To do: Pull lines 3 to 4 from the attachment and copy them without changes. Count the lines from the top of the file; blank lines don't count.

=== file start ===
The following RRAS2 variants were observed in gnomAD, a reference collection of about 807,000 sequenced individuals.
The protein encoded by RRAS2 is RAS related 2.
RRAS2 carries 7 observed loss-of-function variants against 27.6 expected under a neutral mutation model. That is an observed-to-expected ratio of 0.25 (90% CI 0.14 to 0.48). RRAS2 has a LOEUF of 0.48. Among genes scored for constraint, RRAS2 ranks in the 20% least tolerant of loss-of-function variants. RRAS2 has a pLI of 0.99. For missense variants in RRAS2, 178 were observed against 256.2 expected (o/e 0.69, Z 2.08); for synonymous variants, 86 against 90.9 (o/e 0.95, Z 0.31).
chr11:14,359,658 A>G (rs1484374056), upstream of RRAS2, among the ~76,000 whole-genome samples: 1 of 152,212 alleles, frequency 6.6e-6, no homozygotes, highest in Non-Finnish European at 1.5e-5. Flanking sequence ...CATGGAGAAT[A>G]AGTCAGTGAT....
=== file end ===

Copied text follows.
RRAS2 carries 7 observed loss-of-function variants against 27.6 expected under a neutral mutation model. That is an observed-to-expected ratio of 0.25 (90% CI 0.14 to 0.48). RRAS2 has a LOEUF of 0.48. Among genes scored for constraint, RRAS2 ranks in the 20% least tolerant of loss-of-function variants. RRAS2 has a pLI of 0.99. For missense variants in RRAS2, 178 were observed against 256.2 expected (o/e 0.69, Z 2.08); for synonymous variants, 86 against 90.9 (o/e 0.95, Z 0.31).
chr11:14,359,658 A>G (rs1484374056), upstream of RRAS2, among the ~76,000 whole-genome samples: 1 of 152,212 alleles, frequency 6.6e-6, no homozygotes, highest in Non-Finnish European at 1.5e-5. Flanking sequence ...CATGGAGAAT[A>G]AGTCAGTGAT....